# Acid/base equilbrium problems

by d.tran103
Tags: acid or base, equilbrium
 P: 39 What is the pH of 0.15 M NH4Cl? Okay, I set up my ICE table, NH4 + H2O <---> H3O+ + NH3- I 0.15 M --- --- --- Δ -x --- +x +x E 0.15-x --- x x KbNH3-=1.8x10-5 So Kw=1.0e-14=Ka*Kb, so KaNH4=5.56e-10 So, Ka=[H3O+][A-]/[HA] 5.56e-10=x^2/0.15-x [H+]=[H3O+]=[x]=9.13e-6 pH=-log[H+] pH=5.04 I understand the work, but my question is why can't I take the -log[x] from kb=[OH-][HA]/[B]? Is it because I have the Kb of NH3 and not the Kb of NH4? Thanks!
P: 23,535
 Quote by d.tran103 my question is why can't I take the -log[x] from kb=[OH-][HA]/[B]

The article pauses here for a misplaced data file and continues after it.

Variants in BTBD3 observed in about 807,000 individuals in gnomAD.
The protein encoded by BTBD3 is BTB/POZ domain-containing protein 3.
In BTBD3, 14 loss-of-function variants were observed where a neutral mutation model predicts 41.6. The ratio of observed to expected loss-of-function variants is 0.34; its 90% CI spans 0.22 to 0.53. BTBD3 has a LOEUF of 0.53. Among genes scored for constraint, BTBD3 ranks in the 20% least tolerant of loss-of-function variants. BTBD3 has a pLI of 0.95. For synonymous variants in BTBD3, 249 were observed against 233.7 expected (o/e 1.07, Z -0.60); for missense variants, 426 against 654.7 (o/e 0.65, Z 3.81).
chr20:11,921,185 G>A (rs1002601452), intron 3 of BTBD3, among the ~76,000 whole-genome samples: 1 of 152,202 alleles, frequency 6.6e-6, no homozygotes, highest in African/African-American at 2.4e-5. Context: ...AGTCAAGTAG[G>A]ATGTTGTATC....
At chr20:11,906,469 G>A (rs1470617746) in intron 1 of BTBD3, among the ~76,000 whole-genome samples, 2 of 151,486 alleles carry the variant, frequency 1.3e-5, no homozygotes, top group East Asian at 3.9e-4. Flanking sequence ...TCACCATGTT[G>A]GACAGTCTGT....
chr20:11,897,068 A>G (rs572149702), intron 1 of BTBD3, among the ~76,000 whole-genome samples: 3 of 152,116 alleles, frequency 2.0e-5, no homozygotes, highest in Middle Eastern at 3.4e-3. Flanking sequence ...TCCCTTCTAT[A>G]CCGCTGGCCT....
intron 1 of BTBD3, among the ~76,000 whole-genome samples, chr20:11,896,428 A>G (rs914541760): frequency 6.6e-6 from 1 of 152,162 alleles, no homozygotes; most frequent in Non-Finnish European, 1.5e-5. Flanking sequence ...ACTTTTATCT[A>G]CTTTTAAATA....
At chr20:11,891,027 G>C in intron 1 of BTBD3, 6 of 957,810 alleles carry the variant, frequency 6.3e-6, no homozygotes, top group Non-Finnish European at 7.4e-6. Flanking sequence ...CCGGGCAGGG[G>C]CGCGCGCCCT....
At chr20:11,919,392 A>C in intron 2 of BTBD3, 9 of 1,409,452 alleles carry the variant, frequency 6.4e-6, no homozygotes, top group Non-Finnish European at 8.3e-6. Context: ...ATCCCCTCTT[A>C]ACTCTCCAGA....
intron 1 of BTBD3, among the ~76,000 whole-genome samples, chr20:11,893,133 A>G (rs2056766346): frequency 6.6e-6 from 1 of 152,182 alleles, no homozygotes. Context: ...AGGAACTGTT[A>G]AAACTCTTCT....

Huh? -log[Kb] is pKb. I suppose that's not what you mean, but what you wrote makes no other sense to me.
 P: 39 Oh sorry, I meant to say -log(x) as in taking the -log(H3O+) (from the original ice table)
 Admin P: 23,535 Acid/base equilbrium problems I still have no idea what you mean by "-log(H3O+) (from the original ice table)". H3O+ in your ICE table is either 0 (initial value) - you can't take log of zero, or x - which is an unknown, so you can't calculate logarithm of its value before solving the problem.
 P: 7 NH4 has no Kb because it is an acid, not a base. I honestly have no idea what your question is even asking.
 P: 7 I'm still not sure what you're asking. You take the -log(x) once you solve for it to get the pH. If you used the Kb, then you would do 14.00 + log(x) because x in that case would equal the hydroxide concentration, so to get pH you must subtract the pOH from 14.00.